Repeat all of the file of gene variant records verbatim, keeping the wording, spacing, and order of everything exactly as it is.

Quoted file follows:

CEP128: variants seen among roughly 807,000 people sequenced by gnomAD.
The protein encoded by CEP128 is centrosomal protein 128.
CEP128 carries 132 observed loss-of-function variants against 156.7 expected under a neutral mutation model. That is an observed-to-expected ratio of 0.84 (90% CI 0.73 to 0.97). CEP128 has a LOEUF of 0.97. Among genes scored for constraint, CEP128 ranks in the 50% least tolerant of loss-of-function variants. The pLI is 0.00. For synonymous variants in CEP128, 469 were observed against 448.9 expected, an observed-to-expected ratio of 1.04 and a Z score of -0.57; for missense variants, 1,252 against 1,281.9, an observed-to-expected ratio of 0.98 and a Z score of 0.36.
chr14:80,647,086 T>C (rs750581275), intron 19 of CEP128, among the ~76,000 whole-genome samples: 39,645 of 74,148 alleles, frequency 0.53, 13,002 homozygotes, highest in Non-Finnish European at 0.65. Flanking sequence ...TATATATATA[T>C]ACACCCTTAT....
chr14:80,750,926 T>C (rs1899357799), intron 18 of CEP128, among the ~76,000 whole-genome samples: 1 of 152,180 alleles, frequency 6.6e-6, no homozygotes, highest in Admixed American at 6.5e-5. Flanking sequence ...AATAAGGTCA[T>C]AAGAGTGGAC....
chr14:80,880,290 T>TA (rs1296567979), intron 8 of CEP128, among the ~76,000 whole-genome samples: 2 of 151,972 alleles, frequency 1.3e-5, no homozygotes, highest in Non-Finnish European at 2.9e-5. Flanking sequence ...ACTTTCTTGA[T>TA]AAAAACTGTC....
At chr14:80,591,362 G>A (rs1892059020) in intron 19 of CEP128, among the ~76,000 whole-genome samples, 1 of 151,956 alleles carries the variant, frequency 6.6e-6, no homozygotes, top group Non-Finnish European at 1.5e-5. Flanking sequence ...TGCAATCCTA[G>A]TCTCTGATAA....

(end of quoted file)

CEP128: variants seen among roughly 807,000 people sequenced by gnomAD.
The protein encoded by CEP128 is centrosomal protein 128.
CEP128 carries 132 observed loss-of-function variants against 156.7 expected under a neutral mutation model. That is an observed-to-expected ratio of 0.84 (90% CI 0.73 to 0.97). CEP128 has a LOEUF of 0.97. Among genes scored for constraint, CEP128 ranks in the 50% least tolerant of loss-of-function variants. The pLI is 0.00. For synonymous variants in CEP128, 469 were observed against 448.9 expected, an observed-to-expected ratio of 1.04 and a Z score of -0.57; for missense variants, 1,252 against 1,281.9, an observed-to-expected ratio of 0.98 and a Z score of 0.36.
chr14:80,647,086 T>C (rs750581275), intron 19 of CEP128, among the ~76,000 whole-genome samples: 39,645 of 74,148 alleles, frequency 0.53, 13,002 homozygotes, highest in Non-Finnish European at 0.65. Flanking sequence ...TATATATATA[T>C]ACACCCTTAT....
chr14:80,750,926 T>C (rs1899357799), intron 18 of CEP128, among the ~76,000 whole-genome samples: 1 of 152,180 alleles, frequency 6.6e-6, no homozygotes, highest in Admixed American at 6.5e-5. Flanking sequence ...AATAAGGTCA[T>C]AAGAGTGGAC....
chr14:80,880,290 T>TA (rs1296567979), intron 8 of CEP128, among the ~76,000 whole-genome samples: 2 of 151,972 alleles, frequency 1.3e-5, no homozygotes, highest in Non-Finnish European at 2.9e-5. Flanking sequence ...ACTTTCTTGA[T>TA]AAAAACTGTC....
At chr14:80,591,362 G>A (rs1892059020) in intron 19 of CEP128, among the ~76,000 whole-genome samples, 1 of 151,956 alleles carries the variant, frequency 6.6e-6, no homozygotes, top group Non-Finnish European at 1.5e-5. Flanking sequence ...TGCAATCCTA[G>A]TCTCTGATAA....